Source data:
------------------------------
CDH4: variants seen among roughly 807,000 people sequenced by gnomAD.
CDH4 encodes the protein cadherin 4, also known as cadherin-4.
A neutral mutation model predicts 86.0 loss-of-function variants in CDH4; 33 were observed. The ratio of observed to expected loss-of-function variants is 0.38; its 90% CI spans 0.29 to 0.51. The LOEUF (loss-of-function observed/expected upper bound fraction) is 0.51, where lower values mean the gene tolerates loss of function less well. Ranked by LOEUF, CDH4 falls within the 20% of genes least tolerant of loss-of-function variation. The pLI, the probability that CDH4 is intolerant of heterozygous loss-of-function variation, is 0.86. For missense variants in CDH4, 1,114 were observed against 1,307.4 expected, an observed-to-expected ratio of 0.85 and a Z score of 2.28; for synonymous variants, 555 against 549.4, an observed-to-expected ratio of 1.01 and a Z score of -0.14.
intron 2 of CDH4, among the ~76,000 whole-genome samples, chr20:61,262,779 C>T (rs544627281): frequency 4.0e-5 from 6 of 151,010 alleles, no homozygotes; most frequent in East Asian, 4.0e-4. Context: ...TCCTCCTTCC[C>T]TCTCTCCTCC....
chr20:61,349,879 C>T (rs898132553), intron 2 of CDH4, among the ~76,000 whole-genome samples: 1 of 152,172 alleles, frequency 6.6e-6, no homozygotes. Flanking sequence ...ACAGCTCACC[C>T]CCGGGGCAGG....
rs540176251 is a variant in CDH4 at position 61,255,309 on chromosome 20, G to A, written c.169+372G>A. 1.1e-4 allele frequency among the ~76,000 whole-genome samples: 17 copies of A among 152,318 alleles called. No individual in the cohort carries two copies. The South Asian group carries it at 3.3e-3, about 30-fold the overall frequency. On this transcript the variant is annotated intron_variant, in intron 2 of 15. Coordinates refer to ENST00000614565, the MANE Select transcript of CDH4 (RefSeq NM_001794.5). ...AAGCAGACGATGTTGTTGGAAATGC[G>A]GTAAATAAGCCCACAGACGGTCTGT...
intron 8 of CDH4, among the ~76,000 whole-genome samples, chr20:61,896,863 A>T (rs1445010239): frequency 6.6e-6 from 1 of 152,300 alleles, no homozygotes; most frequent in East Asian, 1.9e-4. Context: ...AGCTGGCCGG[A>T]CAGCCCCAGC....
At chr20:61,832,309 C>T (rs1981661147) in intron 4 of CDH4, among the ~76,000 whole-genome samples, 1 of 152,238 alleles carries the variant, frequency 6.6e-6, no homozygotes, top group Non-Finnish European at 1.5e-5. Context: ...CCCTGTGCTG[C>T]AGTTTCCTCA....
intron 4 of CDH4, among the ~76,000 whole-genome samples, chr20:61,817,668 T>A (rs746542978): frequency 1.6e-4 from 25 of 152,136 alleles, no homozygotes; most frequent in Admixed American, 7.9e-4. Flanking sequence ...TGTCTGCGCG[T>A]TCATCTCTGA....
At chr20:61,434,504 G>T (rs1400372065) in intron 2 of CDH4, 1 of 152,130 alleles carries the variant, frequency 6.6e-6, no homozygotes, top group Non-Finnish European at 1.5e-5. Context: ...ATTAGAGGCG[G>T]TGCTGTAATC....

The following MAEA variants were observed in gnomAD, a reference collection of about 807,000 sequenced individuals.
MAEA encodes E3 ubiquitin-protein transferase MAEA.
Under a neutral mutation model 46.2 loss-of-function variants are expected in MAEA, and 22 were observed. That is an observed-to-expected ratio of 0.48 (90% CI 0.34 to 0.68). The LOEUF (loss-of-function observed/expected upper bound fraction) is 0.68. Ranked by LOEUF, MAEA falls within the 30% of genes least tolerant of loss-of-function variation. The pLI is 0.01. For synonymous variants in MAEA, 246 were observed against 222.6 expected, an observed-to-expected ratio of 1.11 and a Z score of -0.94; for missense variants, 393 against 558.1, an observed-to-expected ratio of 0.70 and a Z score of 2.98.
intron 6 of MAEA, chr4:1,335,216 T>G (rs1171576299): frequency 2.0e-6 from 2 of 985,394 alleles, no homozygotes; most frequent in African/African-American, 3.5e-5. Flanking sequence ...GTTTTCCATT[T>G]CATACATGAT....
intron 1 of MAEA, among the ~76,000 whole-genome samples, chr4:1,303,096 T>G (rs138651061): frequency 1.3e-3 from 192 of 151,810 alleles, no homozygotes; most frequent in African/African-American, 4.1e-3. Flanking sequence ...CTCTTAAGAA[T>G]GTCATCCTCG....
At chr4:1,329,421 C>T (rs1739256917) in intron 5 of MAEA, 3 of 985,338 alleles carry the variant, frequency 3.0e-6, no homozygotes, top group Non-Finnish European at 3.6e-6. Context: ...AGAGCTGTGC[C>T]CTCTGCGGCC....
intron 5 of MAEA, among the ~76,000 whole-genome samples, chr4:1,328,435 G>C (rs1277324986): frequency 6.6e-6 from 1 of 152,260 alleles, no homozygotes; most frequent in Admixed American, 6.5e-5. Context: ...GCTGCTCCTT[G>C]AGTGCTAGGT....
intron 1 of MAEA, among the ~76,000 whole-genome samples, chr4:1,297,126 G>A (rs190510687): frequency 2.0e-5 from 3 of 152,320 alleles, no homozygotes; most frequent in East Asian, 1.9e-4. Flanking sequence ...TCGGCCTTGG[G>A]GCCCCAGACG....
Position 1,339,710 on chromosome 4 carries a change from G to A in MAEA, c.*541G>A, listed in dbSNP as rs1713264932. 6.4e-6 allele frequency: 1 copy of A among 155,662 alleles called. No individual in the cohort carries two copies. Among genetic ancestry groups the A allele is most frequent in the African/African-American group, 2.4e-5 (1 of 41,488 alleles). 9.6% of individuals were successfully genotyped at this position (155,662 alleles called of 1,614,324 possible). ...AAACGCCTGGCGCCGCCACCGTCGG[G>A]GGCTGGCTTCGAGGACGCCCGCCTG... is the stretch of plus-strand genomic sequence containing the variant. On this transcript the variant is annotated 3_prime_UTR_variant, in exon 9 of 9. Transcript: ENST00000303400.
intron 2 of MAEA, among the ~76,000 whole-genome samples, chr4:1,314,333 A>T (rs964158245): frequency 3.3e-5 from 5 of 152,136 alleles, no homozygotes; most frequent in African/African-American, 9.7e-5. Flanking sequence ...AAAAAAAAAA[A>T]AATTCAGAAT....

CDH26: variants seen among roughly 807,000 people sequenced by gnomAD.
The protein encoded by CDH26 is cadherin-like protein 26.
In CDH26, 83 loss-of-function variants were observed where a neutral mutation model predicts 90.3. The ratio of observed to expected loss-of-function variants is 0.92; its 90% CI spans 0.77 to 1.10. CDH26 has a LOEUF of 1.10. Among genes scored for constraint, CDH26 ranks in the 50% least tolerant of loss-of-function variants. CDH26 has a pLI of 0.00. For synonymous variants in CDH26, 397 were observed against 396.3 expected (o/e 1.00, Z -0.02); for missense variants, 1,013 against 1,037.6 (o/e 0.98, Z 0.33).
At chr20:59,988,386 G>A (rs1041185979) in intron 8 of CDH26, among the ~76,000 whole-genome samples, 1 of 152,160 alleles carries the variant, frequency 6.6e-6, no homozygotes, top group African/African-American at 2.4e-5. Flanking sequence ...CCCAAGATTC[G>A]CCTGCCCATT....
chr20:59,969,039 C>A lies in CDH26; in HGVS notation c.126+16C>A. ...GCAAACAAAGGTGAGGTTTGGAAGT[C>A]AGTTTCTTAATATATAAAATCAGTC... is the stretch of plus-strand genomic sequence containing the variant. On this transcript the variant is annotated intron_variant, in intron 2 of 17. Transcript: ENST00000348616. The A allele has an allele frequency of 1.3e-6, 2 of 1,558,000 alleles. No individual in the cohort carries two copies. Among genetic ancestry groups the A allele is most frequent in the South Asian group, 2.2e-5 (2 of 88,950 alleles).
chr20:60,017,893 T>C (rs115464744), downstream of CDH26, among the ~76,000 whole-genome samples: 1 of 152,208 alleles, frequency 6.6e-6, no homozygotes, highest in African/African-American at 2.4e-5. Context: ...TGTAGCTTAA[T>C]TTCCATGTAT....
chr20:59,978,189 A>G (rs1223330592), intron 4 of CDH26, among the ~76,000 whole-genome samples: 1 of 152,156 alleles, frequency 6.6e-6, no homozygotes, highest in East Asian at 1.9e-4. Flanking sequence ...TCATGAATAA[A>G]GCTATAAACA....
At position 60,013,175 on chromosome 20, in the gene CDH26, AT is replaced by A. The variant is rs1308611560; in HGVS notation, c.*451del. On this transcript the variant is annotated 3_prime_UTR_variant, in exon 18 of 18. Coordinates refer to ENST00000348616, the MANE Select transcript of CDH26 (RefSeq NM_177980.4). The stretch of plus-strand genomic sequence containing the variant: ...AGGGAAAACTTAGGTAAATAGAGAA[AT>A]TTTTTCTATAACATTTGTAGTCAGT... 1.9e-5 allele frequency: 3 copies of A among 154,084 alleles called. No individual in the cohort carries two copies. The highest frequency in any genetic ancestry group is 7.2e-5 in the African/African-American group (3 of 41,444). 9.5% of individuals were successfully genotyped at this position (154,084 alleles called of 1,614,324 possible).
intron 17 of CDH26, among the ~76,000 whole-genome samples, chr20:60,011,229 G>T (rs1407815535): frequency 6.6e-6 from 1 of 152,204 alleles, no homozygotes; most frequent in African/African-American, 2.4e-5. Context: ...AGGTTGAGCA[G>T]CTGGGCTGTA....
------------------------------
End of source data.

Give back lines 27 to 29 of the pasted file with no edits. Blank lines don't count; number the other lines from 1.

chr20:59,978,189 A>G (rs1223330592), intron 4 of CDH26, among the ~76,000 whole-genome samples: 1 of 152,156 alleles, frequency 6.6e-6, no homozygotes, highest in East Asian at 1.9e-4. Flanking sequence ...TCATGAATAA[A>G]GCTATAAACA....
At position 60,013,175 on chromosome 20, in the gene CDH26, AT is replaced by A. The variant is rs1308611560; in HGVS notation, c.*451del. On this transcript the variant is annotated 3_prime_UTR_variant, in exon 18 of 18. Coordinates refer to ENST00000348616, the MANE Select transcript of CDH26 (RefSeq NM_177980.4). The stretch of plus-strand genomic sequence containing the variant: ...AGGGAAAACTTAGGTAAATAGAGAA[AT>A]TTTTTCTATAACATTTGTAGTCAGT... 1.9e-5 allele frequency: 3 copies of A among 154,084 alleles called. No individual in the cohort carries two copies. The highest frequency in any genetic ancestry group is 7.2e-5 in the African/African-American group (3 of 41,444). 9.5% of individuals were successfully genotyped at this position (154,084 alleles called of 1,614,324 possible).
intron 17 of CDH26, among the ~76,000 whole-genome samples, chr20:60,011,229 G>T (rs1407815535): frequency 6.6e-6 from 1 of 152,204 alleles, no homozygotes; most frequent in African/African-American, 2.4e-5. Context: ...AGGTTGAGCA[G>T]CTGGGCTGTA....